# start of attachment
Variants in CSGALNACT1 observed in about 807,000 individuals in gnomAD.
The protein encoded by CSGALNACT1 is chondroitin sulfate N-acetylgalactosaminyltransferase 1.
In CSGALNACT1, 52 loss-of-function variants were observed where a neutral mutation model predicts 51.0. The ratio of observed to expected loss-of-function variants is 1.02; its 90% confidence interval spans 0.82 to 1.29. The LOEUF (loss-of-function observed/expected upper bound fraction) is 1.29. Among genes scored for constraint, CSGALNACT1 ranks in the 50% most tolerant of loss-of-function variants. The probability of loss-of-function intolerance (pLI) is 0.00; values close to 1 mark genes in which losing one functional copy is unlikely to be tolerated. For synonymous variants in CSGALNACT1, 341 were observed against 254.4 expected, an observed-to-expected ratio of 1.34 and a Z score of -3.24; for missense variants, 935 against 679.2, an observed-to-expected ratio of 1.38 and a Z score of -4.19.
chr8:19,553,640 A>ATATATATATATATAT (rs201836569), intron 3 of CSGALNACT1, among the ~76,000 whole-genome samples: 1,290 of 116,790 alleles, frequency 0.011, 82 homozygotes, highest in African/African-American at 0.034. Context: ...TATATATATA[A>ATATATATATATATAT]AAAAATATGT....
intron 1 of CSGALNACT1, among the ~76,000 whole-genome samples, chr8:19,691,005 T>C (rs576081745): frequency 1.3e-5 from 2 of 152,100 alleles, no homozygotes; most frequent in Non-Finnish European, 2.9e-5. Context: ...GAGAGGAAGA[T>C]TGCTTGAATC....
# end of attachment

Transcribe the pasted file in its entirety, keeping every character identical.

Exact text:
Variants in CSGALNACT1 observed in about 807,000 individuals in gnomAD.
The protein encoded by CSGALNACT1 is chondroitin sulfate N-acetylgalactosaminyltransferase 1.
In CSGALNACT1, 52 loss-of-function variants were observed where a neutral mutation model predicts 51.0. The ratio of observed to expected loss-of-function variants is 1.02; its 90% confidence interval spans 0.82 to 1.29. The LOEUF (loss-of-function observed/expected upper bound fraction) is 1.29. Among genes scored for constraint, CSGALNACT1 ranks in the 50% most tolerant of loss-of-function variants. The probability of loss-of-function intolerance (pLI) is 0.00; values close to 1 mark genes in which losing one functional copy is unlikely to be tolerated. For synonymous variants in CSGALNACT1, 341 were observed against 254.4 expected, an observed-to-expected ratio of 1.34 and a Z score of -3.24; for missense variants, 935 against 679.2, an observed-to-expected ratio of 1.38 and a Z score of -4.19.
chr8:19,553,640 A>ATATATATATATATAT (rs201836569), intron 3 of CSGALNACT1, among the ~76,000 whole-genome samples: 1,290 of 116,790 alleles, frequency 0.011, 82 homozygotes, highest in African/African-American at 0.034. Context: ...TATATATATA[A>ATATATATATATATAT]AAAAATATGT....
intron 1 of CSGALNACT1, among the ~76,000 whole-genome samples, chr8:19,691,005 T>C (rs576081745): frequency 1.3e-5 from 2 of 152,100 alleles, no homozygotes; most frequent in Non-Finnish European, 2.9e-5. Context: ...GAGAGGAAGA[T>C]TGCTTGAATC....